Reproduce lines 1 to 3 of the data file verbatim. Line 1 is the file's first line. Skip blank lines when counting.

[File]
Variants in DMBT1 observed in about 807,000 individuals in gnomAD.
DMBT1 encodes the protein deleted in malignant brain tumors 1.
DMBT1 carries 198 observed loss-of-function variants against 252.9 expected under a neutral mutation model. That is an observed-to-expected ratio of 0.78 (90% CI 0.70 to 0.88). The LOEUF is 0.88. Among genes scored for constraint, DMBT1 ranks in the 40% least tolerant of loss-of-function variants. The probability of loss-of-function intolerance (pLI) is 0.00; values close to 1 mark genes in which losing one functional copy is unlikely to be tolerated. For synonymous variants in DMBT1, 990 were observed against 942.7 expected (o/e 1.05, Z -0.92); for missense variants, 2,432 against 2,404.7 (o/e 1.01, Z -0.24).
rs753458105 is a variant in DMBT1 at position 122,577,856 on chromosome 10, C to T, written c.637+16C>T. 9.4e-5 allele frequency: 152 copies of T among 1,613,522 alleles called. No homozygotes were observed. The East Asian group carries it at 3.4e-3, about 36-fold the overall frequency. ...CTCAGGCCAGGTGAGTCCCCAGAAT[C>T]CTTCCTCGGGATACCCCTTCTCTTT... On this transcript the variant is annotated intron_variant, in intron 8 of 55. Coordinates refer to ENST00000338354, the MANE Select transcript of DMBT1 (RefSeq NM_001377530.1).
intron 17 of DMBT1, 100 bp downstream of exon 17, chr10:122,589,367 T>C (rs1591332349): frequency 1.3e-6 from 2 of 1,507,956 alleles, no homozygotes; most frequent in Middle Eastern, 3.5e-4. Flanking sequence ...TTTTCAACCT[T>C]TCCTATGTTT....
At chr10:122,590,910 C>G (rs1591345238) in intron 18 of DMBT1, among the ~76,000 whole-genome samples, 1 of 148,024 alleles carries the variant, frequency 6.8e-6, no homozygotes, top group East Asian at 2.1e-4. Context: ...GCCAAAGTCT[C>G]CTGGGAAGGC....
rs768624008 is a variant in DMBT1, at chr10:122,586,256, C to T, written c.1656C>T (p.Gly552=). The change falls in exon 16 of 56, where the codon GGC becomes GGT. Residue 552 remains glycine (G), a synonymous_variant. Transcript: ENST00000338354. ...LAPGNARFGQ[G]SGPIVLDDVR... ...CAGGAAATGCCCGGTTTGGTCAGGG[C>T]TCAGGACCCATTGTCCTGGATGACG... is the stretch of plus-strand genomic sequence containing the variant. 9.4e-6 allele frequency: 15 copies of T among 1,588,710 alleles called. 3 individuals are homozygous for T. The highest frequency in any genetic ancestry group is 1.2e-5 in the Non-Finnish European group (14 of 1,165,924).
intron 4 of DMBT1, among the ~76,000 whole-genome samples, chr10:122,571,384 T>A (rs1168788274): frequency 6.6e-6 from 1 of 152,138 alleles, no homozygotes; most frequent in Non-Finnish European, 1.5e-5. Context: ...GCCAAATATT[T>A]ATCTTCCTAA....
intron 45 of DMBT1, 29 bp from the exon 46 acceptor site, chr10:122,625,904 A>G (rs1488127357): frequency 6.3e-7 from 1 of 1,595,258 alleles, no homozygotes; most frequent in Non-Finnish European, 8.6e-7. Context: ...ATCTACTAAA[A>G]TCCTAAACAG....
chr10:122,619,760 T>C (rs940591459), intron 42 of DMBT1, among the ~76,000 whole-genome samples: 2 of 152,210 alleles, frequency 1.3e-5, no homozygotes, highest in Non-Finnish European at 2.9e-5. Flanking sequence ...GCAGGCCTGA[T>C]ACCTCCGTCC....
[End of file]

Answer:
Variants in DMBT1 observed in about 807,000 individuals in gnomAD.
DMBT1 encodes the protein deleted in malignant brain tumors 1.
DMBT1 carries 198 observed loss-of-function variants against 252.9 expected under a neutral mutation model. That is an observed-to-expected ratio of 0.78 (90% CI 0.70 to 0.88). The LOEUF is 0.88. Among genes scored for constraint, DMBT1 ranks in the 40% least tolerant of loss-of-function variants. The probability of loss-of-function intolerance (pLI) is 0.00; values close to 1 mark genes in which losing one functional copy is unlikely to be tolerated. For synonymous variants in DMBT1, 990 were observed against 942.7 expected (o/e 1.05, Z -0.92); for missense variants, 2,432 against 2,404.7 (o/e 1.01, Z -0.24).